A team of researchers in Finland may have found the answer to our sustainable food woes, and it lies within the air we breathe.
Using little more than carbon dioxide-filled air, a high voltage, harmless microbes and a few weeks’ gestation period, researchers have engineered edible proteins. According to the Finnish team, the process is ten-times more energy efficient than photosynthesis in plants.
The research team sees great potential in easing our reliance on crop foods by turning to protein reactors. It’s thought that they could, one day, help sustain travellers on long-duration space flights, although it’s a long way off something like Star Trek’s replicator.
“In the long term, protein created with electricity is meant to be used in cooking and products as it is,” says Juha-Pekka Pitkänen, principal scientist at VTT Research. “The mixture is very nutritious, with more than 50% protein and 25% carbohydrates. The rest is fats and nucleic acids.”
“In practice, all the raw materials are available from the air,” Pitkänen says. “In the future, the (solar-powered) technology can be transported to, for instance, deserts and other areas facing famine. One possible alternative is a home reactor, a type of domestic appliance that the consumer can use to produce the needed protein.”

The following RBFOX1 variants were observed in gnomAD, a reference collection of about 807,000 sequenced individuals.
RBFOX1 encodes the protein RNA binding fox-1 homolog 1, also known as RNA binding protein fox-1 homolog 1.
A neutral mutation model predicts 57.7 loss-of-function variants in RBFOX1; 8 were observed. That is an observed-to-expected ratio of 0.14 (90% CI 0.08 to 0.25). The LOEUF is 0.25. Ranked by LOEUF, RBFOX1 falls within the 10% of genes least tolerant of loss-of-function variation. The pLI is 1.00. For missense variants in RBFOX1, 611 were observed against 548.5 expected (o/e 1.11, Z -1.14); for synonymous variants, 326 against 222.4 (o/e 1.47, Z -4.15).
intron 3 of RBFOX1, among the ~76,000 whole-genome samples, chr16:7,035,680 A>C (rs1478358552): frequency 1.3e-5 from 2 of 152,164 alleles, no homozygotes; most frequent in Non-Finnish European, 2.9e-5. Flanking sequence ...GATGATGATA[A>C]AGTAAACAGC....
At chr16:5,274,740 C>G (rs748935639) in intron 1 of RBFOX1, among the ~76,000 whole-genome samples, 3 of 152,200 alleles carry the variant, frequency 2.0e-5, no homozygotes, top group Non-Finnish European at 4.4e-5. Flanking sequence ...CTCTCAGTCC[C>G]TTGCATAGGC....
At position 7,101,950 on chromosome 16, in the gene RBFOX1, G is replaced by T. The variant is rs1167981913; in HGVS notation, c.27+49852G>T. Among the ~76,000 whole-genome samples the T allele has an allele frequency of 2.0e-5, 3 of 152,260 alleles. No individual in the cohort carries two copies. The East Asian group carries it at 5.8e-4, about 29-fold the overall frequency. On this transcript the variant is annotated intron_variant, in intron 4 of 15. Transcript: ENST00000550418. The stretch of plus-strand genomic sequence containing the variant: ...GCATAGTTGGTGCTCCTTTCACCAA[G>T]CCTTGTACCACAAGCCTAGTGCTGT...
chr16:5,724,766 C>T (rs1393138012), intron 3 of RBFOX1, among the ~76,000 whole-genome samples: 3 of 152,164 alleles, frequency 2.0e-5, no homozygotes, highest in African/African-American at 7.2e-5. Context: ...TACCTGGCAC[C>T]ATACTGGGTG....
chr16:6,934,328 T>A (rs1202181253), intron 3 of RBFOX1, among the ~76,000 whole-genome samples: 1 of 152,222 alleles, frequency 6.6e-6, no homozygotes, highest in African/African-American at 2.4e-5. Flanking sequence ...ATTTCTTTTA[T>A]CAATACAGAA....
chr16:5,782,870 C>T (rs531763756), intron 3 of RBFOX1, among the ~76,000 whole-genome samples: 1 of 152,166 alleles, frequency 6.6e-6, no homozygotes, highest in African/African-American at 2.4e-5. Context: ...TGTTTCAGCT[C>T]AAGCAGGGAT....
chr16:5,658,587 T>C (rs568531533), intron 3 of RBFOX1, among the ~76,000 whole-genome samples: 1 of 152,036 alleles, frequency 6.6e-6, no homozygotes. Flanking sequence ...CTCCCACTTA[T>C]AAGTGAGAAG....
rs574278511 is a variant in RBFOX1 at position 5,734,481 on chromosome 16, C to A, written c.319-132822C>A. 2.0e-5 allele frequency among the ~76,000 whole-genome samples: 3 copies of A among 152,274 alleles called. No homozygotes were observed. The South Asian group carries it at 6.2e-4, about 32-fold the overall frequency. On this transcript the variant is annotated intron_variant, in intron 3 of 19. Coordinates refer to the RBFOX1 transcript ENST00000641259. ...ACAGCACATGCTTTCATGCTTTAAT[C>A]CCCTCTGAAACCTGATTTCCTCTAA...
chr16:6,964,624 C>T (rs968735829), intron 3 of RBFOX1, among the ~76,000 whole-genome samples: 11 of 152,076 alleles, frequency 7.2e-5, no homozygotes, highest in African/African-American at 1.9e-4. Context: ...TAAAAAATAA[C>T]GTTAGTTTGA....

The researchers hope that, by using this method of food production in the future, we can rely less upon agricultural land and reclaim it back to woodland or its natural purpose. It could also be used to fill the ever-growing need for housing across a nation. It would additionally mean feeding animals with crops could be done on a much smaller scale – making farming far more sustainable than it currently is.
Of course, we’re a long way off this reality. The current model – which is around the same size as a countertop coffee maker – takes two weeks to generate a single gram of protein powder. Not only is that nowhere near enough for one powder-guzzling gym bro, it’s not even a speck of dust in the mountain of protein needed to feed the world.
However, it does show that the science of making something out of – seemingly – nothing is possible beyond internet commenters. It’s also the first step towards the high-tech replicators of Star Trek fame. Combine an efficient, future version of the protein reactor along with a 3D-protein printer and voila: fancy food from out of nowhere.